by tara austen weaver
Published by Ballantine Books
on March 24th 2015
For fans of Anne Lamott, a profoundly moving memoir of rediscovering, reinventing, and reconnecting, as an estranged mother and daughter come together to revive a long-abandoned garden and ultimately their relationship and themselves.
Peeling paint, stained floors, vined-over windows, a neglected and wild garden—Tara Austen Weaver can’t get the Seattle real-estate listing out of her head. Any sane person would’ve seen the abandoned property for what it was: a ramshackle half-acre filled with dead grass, blackberry vines, and trouble. But Tara sees potential and promise—not only for the edible bounty the garden could yield for her family, but for the personal renewal she and her mother might reap along the way.
So begins Orchard House, a story of rehabilitation and cultivation—of land and soul. Through bleak winters, springs that sputter with rain and cold, golden days of summer, and autumns full of apples, pears, and pumpkins, this evocative memoir recounts the Weavers’ trials and triumphs, detailing what grew and what didn’t, the obstacles overcome and the lessons learned. Inexorably, as mother and daughter tend this wild patch and the fruits of their labor begin to flourish, green shoots of hope emerge from the darkness of their past.
For everyone who has ever planted something that they wished would survive—or tried to mend something that seemed forever broken—Orchard House is a tale of healing and growth set in a most unlikely place.
I received this book for free from NetGalley in exchange for an honest review. This does not affect my opinion of the book or the content of my review.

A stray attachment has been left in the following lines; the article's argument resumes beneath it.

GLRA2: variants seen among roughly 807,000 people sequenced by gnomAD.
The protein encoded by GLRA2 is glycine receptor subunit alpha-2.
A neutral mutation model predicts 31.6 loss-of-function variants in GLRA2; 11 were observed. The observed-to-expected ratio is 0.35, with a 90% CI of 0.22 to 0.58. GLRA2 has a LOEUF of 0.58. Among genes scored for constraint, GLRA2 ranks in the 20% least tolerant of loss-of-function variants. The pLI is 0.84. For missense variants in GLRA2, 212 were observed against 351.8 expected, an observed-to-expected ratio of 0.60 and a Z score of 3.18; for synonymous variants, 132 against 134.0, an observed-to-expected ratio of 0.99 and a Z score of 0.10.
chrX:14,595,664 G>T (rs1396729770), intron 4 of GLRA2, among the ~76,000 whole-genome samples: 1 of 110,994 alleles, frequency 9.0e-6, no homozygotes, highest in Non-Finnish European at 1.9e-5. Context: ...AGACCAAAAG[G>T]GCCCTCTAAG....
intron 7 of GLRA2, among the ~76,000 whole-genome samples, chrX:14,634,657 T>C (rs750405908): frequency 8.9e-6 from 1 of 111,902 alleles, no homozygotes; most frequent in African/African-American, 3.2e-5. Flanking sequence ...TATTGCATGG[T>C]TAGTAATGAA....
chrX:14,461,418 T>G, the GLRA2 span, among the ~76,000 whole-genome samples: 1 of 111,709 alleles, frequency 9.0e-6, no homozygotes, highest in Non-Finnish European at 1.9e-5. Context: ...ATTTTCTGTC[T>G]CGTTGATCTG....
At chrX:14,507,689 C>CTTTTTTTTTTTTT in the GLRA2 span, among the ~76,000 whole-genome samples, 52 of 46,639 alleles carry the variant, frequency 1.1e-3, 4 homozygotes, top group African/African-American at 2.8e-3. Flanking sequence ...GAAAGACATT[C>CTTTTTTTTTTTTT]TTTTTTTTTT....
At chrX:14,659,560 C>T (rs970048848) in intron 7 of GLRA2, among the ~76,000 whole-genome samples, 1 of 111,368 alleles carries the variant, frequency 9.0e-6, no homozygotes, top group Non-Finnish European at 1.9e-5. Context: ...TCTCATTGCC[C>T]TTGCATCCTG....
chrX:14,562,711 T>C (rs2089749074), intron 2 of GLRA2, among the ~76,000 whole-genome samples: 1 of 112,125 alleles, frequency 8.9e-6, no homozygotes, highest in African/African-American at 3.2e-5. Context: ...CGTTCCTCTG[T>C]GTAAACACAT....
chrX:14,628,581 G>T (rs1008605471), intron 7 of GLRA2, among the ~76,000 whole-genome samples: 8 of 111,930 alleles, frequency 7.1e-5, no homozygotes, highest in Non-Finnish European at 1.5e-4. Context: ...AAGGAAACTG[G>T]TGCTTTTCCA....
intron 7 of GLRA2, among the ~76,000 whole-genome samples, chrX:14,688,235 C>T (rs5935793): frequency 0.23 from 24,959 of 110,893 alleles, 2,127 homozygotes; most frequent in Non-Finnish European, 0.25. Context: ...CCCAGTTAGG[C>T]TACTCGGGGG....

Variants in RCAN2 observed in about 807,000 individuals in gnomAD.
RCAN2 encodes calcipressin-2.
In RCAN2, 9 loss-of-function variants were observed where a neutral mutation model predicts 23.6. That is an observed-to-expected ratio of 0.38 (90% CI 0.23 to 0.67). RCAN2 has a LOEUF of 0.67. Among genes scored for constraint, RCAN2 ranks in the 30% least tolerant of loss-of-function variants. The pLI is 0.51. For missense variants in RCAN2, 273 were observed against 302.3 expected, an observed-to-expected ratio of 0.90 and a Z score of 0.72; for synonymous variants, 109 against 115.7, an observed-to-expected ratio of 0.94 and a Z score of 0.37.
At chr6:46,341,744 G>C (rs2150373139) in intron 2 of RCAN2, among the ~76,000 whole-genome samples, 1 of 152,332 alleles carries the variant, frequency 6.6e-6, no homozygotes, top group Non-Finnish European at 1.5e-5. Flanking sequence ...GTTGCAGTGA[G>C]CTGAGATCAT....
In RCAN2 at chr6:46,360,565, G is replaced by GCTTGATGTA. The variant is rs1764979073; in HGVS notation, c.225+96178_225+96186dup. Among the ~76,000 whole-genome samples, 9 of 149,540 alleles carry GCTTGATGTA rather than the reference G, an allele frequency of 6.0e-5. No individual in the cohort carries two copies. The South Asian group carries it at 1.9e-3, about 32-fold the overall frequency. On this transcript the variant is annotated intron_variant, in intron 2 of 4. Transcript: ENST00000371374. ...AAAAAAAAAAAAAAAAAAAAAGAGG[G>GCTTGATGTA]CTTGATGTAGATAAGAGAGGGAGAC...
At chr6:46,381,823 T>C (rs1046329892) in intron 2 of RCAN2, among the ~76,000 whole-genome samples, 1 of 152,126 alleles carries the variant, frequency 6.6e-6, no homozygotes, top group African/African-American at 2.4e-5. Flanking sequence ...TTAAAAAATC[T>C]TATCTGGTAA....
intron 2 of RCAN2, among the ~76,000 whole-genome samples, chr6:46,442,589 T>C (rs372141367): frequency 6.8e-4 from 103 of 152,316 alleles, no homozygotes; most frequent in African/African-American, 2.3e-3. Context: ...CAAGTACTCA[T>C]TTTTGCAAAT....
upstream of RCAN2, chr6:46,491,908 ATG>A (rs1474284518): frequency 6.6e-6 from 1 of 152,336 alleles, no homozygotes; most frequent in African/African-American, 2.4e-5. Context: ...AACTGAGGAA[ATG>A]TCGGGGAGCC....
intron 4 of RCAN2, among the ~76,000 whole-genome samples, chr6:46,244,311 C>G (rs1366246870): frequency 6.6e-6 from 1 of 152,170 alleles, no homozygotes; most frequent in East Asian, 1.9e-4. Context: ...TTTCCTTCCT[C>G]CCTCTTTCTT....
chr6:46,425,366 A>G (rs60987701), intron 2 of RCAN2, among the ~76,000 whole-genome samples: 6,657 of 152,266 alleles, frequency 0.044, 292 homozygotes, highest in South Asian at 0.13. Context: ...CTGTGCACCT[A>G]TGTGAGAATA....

Back when I was a kid, I would occasionally (read – often) steal my grandmother’s romances and read them under the covers at night. A bad habit to be sure (kids, listen to your parents!) but at the time, I couldn’t understand why she didn’t want me to read them! I do now. Why am I telling you this?
Well, one time, I read one of those romances and it was about a woman who bought old homes and renovated them to sale (and yeah, I think she wound up in love with a contractor and they did the YOU KNOW WHAT all over one of those houses and then fought and broke up then made up and then lived happily ever after the end.) (12-year-old me says “blush.”). Something about that touched the romantic and ambitious part of me. It sounded so fantastic! To buy an old home, rip out all the rot, the ugly, the unwanted, and make it warm, cozy, and a home again. And the garden. My dream garden, with flowers and vegetables and fruit, everywhere. It sounded terribly awesome.
I decided that’s what I wanted to do when I grew up. Refurb houses, not read romances. Because ick.
Flash forward 25 years (or so) and that is definitely not what I am doing. And yet, I still find it a romantic thing to do. I moon over old houses in our area. I love looking at books, magazines, and websites about decorating. And someday, I will take a house and make it my own, although probably not an old one. Oh well.
So, when I saw this memoir, I knew I had to read it. And it’s why I loved so much. Tara Austen Weaver finds just such a house, with “peeling paint, stained floors, vined-over windows, a neglected and wild garden…” just what she (and I) can see so much potential in. She convinces her mother to come to Seattle and they start planning.
This book. Wow, this book. It sounds sappy to say it “touched my heart” but it honestly did and dude, you know I’m a cynic. I did not have a relationship with my mother, but I did with my grandmother and in many ways, the relationship between Tara and her mother reminds me of the one I had with her. We were so much alike and so very contentious. And part of the beauty of this book is seeing how these two souls manage to love and work together, despite their ways.
And the food. Oh the descriptions of food. And the garden. I read this when it was too early to get out in the garden, but I was dying to do so while reading it. I even mentioned starting an orchard on the land we’re going to build on eventually, so perhaps we’d have fruit by the time we moved and my husband said yes! Color me delighted.
All in all, if you love foodie, gardening, mother/daughter relationship, family relationship, etc, type books, I can’t see why you wouldn’t love this book as much as me. Highly recommended.